Lookout Point is "nestled next to the Skyway," where "Butte Creek is barely visible when gazing down from the canyon rim at the Lookout. It meanders like an ebony thread between the cavernous walls of the canyon. ... On cold, misty days, mountain ravines are hidden from view by thick layers of fog."
This was the place Norma Brumbaugh visited, for an hour each week for a year, starting with Good Friday 2009. "The Lookout became my place of release, its view inspiring me to contemplate and pray." There she found "solace and healing. I received in a seamless blend the awe of creation knit with my belief in a loving and caring God." Her journal has become "The Meeting Place: Moments With God At Lookout Point" ($17.99 in paperback from Inspiring Voices; also available in Amazon Kindle and Barnes and Noble Nook e-book formats).
The author "is still active in agriculture in the Chico area. She is a mother of five, grandmother of two, reading specialist, and teacher. For most of her life, she has been active in the church." Though she has been involved in many ministries, "her passion ... is to help draw people to find God in an intimate relationship." The author's own deep emotion and spiritual questioning are recorded in each of the meditations in the book. She is faced with the loss of a marriage, the estrangement of a daughter, job stresses, and her own anger and fear.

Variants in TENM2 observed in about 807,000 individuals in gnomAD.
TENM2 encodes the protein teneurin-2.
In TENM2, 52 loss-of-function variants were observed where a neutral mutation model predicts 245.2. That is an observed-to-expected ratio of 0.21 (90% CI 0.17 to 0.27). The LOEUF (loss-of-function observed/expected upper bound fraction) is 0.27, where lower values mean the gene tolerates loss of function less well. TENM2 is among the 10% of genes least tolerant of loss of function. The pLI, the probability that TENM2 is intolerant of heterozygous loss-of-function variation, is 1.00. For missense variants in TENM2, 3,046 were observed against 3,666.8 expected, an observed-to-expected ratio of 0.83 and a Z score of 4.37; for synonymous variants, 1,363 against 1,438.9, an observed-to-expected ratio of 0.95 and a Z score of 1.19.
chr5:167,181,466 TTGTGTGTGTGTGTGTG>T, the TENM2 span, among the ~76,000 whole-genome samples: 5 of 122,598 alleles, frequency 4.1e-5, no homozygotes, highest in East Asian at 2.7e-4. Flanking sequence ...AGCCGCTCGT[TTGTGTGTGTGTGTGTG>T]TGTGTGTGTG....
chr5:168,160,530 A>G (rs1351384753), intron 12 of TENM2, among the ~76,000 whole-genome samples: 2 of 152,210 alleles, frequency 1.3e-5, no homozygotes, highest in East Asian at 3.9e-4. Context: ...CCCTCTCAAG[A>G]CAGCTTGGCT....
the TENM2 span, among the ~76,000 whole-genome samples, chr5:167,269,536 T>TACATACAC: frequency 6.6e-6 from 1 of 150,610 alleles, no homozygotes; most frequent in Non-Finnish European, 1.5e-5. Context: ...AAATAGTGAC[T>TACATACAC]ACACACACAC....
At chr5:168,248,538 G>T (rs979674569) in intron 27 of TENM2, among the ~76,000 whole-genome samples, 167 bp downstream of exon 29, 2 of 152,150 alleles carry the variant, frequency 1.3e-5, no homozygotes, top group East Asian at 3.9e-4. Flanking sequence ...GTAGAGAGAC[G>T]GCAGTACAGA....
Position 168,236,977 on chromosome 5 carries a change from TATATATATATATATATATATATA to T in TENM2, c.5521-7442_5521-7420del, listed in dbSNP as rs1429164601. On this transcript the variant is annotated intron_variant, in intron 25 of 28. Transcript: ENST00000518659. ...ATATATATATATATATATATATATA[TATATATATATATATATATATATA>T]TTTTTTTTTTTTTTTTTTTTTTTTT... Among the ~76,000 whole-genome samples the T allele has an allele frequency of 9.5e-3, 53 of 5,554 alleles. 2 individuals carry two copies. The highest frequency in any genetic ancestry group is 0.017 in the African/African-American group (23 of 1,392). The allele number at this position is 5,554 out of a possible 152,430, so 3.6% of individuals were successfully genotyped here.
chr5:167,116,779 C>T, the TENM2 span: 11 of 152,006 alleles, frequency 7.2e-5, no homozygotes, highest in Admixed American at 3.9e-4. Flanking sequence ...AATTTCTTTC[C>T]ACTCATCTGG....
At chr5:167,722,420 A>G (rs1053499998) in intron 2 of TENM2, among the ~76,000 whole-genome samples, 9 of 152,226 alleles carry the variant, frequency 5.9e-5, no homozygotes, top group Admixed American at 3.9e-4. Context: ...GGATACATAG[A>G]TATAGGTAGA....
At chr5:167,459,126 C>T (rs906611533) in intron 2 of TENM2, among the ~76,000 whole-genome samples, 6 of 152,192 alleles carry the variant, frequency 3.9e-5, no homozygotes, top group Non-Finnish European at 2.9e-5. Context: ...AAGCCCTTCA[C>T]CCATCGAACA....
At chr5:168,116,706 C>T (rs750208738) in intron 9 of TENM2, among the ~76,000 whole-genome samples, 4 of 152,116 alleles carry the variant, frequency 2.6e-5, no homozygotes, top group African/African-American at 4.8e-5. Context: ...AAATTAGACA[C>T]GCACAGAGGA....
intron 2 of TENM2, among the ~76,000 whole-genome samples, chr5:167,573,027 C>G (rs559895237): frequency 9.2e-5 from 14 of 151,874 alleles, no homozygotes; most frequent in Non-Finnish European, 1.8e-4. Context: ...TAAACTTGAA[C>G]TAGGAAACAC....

Influenced by the Christian mystical tradition, Brumbaugh's meditations range from poetic reflections ("the sun--hidden for these moments: / the brightness subdued in grey screen / but your glory is here--I feel its warmth. ...") to contemplation ("It is interesting that even in my fifties, I am still learning many lessons about life. People are complex beings. To be healthy in our human emotions is formidable at times").
"Father," she prays, "I want to think about you. Draw my thoughts to you. Fill me with your presence. Renew my mind. Speak truth to me. Expose my wrong thinking, wrong conclusions, and areas of blindness."
Brumbaugh finds comfort in Jesus Christ, the gift of Christmas, but never complacency. There is much to learn. At Lookout Point, she realizes, "it is good to be here."